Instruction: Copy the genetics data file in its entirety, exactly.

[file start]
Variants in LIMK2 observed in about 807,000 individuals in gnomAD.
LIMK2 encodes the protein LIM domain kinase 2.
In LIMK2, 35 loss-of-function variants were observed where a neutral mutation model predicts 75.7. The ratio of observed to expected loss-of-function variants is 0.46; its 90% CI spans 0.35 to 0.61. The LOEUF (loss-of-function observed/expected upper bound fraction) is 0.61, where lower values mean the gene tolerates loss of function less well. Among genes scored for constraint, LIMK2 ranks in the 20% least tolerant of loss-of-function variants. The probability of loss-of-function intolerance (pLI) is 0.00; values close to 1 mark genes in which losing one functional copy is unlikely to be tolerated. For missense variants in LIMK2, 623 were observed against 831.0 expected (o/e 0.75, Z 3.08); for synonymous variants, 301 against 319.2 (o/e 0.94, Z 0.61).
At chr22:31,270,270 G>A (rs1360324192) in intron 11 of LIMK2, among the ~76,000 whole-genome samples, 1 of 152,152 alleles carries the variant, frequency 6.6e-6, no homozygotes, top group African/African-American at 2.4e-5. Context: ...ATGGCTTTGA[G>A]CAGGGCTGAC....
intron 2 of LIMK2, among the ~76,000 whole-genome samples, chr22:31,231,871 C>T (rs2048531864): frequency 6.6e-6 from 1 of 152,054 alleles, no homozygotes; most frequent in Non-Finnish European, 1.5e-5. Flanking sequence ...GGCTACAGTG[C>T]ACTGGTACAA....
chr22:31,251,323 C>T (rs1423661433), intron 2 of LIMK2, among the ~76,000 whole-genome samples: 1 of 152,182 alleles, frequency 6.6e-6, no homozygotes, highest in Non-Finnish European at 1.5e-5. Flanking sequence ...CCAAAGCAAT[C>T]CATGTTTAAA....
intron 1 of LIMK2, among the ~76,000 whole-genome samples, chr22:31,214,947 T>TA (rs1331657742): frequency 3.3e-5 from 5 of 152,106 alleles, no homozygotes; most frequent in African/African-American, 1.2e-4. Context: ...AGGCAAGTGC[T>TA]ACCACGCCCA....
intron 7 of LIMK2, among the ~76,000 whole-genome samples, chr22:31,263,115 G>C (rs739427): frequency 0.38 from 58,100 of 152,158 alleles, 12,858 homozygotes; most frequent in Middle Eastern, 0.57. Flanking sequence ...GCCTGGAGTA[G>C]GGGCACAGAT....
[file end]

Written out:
Variants in LIMK2 observed in about 807,000 individuals in gnomAD.
LIMK2 encodes the protein LIM domain kinase 2.
In LIMK2, 35 loss-of-function variants were observed where a neutral mutation model predicts 75.7. The ratio of observed to expected loss-of-function variants is 0.46; its 90% CI spans 0.35 to 0.61. The LOEUF (loss-of-function observed/expected upper bound fraction) is 0.61, where lower values mean the gene tolerates loss of function less well. Among genes scored for constraint, LIMK2 ranks in the 20% least tolerant of loss-of-function variants. The probability of loss-of-function intolerance (pLI) is 0.00; values close to 1 mark genes in which losing one functional copy is unlikely to be tolerated. For missense variants in LIMK2, 623 were observed against 831.0 expected (o/e 0.75, Z 3.08); for synonymous variants, 301 against 319.2 (o/e 0.94, Z 0.61).
At chr22:31,270,270 G>A (rs1360324192) in intron 11 of LIMK2, among the ~76,000 whole-genome samples, 1 of 152,152 alleles carries the variant, frequency 6.6e-6, no homozygotes, top group African/African-American at 2.4e-5. Context: ...ATGGCTTTGA[G>A]CAGGGCTGAC....
intron 2 of LIMK2, among the ~76,000 whole-genome samples, chr22:31,231,871 C>T (rs2048531864): frequency 6.6e-6 from 1 of 152,054 alleles, no homozygotes; most frequent in Non-Finnish European, 1.5e-5. Flanking sequence ...GGCTACAGTG[C>T]ACTGGTACAA....
chr22:31,251,323 C>T (rs1423661433), intron 2 of LIMK2, among the ~76,000 whole-genome samples: 1 of 152,182 alleles, frequency 6.6e-6, no homozygotes, highest in Non-Finnish European at 1.5e-5. Flanking sequence ...CCAAAGCAAT[C>T]CATGTTTAAA....
intron 1 of LIMK2, among the ~76,000 whole-genome samples, chr22:31,214,947 T>TA (rs1331657742): frequency 3.3e-5 from 5 of 152,106 alleles, no homozygotes; most frequent in African/African-American, 1.2e-4. Context: ...AGGCAAGTGC[T>TA]ACCACGCCCA....
intron 7 of LIMK2, among the ~76,000 whole-genome samples, chr22:31,263,115 G>C (rs739427): frequency 0.38 from 58,100 of 152,158 alleles, 12,858 homozygotes; most frequent in Middle Eastern, 0.57. Flanking sequence ...GCCTGGAGTA[G>C]GGGCACAGAT....